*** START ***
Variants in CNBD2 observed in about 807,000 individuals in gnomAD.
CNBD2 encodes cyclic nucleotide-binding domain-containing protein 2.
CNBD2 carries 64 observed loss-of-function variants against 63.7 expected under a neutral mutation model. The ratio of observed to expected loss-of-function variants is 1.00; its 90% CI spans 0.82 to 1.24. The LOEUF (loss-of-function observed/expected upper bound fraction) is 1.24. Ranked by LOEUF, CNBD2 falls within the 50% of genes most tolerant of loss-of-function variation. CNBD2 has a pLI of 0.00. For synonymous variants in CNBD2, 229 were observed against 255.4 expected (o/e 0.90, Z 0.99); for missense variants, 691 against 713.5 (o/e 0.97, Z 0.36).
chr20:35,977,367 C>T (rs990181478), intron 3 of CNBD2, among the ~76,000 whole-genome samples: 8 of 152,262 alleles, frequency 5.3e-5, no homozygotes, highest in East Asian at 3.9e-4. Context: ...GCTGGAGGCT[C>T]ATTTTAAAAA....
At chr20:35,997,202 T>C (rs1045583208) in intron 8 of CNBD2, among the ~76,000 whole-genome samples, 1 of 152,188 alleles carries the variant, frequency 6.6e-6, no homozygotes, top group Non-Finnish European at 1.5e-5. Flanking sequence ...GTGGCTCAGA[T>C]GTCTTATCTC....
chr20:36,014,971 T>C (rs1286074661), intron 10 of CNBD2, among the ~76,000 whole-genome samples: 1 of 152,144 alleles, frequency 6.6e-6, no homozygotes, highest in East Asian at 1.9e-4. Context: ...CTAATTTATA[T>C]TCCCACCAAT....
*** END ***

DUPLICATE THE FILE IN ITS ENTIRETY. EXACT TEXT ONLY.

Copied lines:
Variants in CNBD2 observed in about 807,000 individuals in gnomAD.
CNBD2 encodes cyclic nucleotide-binding domain-containing protein 2.
CNBD2 carries 64 observed loss-of-function variants against 63.7 expected under a neutral mutation model. The ratio of observed to expected loss-of-function variants is 1.00; its 90% CI spans 0.82 to 1.24. The LOEUF (loss-of-function observed/expected upper bound fraction) is 1.24. Ranked by LOEUF, CNBD2 falls within the 50% of genes most tolerant of loss-of-function variation. CNBD2 has a pLI of 0.00. For synonymous variants in CNBD2, 229 were observed against 255.4 expected (o/e 0.90, Z 0.99); for missense variants, 691 against 713.5 (o/e 0.97, Z 0.36).
chr20:35,977,367 C>T (rs990181478), intron 3 of CNBD2, among the ~76,000 whole-genome samples: 8 of 152,262 alleles, frequency 5.3e-5, no homozygotes, highest in East Asian at 3.9e-4. Context: ...GCTGGAGGCT[C>T]ATTTTAAAAA....
At chr20:35,997,202 T>C (rs1045583208) in intron 8 of CNBD2, among the ~76,000 whole-genome samples, 1 of 152,188 alleles carries the variant, frequency 6.6e-6, no homozygotes, top group Non-Finnish European at 1.5e-5. Flanking sequence ...GTGGCTCAGA[T>C]GTCTTATCTC....
chr20:36,014,971 T>C (rs1286074661), intron 10 of CNBD2, among the ~76,000 whole-genome samples: 1 of 152,144 alleles, frequency 6.6e-6, no homozygotes, highest in East Asian at 1.9e-4. Context: ...CTAATTTATA[T>C]TCCCACCAAT....